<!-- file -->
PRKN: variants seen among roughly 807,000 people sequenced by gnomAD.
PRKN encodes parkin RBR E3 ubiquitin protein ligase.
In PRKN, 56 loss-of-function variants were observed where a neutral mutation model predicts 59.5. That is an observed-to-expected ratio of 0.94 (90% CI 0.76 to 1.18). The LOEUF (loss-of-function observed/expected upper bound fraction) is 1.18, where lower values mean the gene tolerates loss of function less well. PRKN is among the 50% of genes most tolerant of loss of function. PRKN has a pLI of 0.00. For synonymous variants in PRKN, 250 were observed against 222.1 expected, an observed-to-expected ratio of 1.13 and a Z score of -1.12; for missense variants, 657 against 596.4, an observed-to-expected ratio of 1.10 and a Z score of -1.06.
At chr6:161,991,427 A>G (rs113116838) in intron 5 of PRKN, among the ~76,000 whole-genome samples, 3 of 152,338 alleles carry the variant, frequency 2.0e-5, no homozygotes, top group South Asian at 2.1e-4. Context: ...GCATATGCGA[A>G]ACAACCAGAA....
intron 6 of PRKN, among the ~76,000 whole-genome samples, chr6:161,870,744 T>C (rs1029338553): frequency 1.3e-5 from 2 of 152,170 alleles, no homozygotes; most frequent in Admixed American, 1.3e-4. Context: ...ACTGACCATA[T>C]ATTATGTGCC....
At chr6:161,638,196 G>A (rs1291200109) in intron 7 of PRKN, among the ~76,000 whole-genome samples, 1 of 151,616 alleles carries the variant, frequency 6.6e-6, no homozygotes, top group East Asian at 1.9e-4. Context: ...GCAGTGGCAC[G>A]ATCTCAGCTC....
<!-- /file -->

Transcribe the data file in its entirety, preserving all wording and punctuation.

PRKN: variants seen among roughly 807,000 people sequenced by gnomAD.
PRKN encodes parkin RBR E3 ubiquitin protein ligase.
In PRKN, 56 loss-of-function variants were observed where a neutral mutation model predicts 59.5. That is an observed-to-expected ratio of 0.94 (90% CI 0.76 to 1.18). The LOEUF (loss-of-function observed/expected upper bound fraction) is 1.18, where lower values mean the gene tolerates loss of function less well. PRKN is among the 50% of genes most tolerant of loss of function. PRKN has a pLI of 0.00. For synonymous variants in PRKN, 250 were observed against 222.1 expected, an observed-to-expected ratio of 1.13 and a Z score of -1.12; for missense variants, 657 against 596.4, an observed-to-expected ratio of 1.10 and a Z score of -1.06.
At chr6:161,991,427 A>G (rs113116838) in intron 5 of PRKN, among the ~76,000 whole-genome samples, 3 of 152,338 alleles carry the variant, frequency 2.0e-5, no homozygotes, top group South Asian at 2.1e-4. Context: ...GCATATGCGA[A>G]ACAACCAGAA....
intron 6 of PRKN, among the ~76,000 whole-genome samples, chr6:161,870,744 T>C (rs1029338553): frequency 1.3e-5 from 2 of 152,170 alleles, no homozygotes; most frequent in Admixed American, 1.3e-4. Context: ...ACTGACCATA[T>C]ATTATGTGCC....
At chr6:161,638,196 G>A (rs1291200109) in intron 7 of PRKN, among the ~76,000 whole-genome samples, 1 of 151,616 alleles carries the variant, frequency 6.6e-6, no homozygotes, top group East Asian at 1.9e-4. Context: ...GCAGTGGCAC[G>A]ATCTCAGCTC....